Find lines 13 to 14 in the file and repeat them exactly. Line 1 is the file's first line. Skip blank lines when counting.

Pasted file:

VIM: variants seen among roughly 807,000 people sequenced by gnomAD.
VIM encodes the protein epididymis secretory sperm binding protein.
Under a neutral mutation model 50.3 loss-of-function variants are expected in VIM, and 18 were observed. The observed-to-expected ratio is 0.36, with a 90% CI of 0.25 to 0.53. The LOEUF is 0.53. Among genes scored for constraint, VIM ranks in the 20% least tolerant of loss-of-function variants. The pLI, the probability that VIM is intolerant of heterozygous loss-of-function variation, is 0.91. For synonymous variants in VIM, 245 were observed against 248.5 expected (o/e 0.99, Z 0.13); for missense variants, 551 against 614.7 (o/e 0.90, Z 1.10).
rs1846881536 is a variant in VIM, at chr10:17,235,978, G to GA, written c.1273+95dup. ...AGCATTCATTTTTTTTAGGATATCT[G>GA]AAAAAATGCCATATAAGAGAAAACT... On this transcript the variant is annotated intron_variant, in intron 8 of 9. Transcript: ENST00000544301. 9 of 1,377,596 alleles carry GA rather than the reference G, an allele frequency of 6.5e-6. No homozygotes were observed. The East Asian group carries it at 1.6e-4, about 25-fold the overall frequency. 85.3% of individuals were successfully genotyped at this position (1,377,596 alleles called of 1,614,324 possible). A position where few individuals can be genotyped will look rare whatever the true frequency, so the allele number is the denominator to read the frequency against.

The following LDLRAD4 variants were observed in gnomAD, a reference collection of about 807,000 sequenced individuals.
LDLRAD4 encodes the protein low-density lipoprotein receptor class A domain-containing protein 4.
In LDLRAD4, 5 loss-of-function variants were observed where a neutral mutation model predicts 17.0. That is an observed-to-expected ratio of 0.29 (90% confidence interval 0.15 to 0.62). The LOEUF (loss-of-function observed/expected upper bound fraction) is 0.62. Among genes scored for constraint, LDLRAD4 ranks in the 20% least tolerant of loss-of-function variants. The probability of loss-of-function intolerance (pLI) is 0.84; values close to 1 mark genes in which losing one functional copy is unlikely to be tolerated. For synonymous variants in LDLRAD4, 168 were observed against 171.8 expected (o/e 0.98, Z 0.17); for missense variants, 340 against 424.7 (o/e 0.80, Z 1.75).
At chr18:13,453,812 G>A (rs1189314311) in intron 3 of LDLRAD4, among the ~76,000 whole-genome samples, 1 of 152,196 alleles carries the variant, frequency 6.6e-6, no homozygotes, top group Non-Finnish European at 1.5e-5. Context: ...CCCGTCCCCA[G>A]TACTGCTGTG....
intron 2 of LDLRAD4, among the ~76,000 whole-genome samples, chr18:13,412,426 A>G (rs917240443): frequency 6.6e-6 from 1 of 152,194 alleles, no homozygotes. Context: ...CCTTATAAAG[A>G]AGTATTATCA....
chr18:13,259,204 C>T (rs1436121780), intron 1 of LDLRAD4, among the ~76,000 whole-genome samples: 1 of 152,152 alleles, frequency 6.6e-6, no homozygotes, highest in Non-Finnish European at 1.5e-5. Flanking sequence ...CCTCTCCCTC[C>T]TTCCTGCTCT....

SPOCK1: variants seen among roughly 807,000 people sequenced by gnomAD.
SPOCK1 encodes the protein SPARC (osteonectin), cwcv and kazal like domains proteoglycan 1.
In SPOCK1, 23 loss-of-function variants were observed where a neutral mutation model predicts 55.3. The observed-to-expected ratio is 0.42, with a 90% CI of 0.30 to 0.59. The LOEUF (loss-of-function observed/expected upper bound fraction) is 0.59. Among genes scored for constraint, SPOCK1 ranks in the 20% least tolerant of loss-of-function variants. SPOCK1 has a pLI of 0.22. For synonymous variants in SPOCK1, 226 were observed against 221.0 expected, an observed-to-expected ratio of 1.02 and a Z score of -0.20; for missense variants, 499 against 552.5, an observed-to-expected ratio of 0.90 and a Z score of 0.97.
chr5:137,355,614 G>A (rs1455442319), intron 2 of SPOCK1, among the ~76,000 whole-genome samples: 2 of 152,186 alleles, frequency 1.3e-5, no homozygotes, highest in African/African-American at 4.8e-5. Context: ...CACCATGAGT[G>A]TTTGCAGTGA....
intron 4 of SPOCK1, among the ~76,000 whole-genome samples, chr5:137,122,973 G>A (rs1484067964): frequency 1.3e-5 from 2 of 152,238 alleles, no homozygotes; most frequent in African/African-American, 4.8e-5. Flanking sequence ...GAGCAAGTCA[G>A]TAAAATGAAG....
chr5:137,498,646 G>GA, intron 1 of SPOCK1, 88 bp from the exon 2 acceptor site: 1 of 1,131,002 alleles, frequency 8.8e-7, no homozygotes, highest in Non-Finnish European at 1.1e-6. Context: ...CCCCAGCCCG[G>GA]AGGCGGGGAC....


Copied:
In SPOCK1, 23 loss-of-function variants were observed where a neutral mutation model predicts 55.3. The observed-to-expected ratio is 0.42, with a 90% CI of 0.30 to 0.59. The LOEUF (loss-of-function observed/expected upper bound fraction) is 0.59. Among genes scored for constraint, SPOCK1 ranks in the 20% least tolerant of loss-of-function variants. SPOCK1 has a pLI of 0.22. For synonymous variants in SPOCK1, 226 were observed against 221.0 expected, an observed-to-expected ratio of 1.02 and a Z score of -0.20; for missense variants, 499 against 552.5, an observed-to-expected ratio of 0.90 and a Z score of 0.97.
chr5:137,355,614 G>A (rs1455442319), intron 2 of SPOCK1, among the ~76,000 whole-genome samples: 2 of 152,186 alleles, frequency 1.3e-5, no homozygotes, highest in African/African-American at 4.8e-5. Context: ...CACCATGAGT[G>A]TTTGCAGTGA....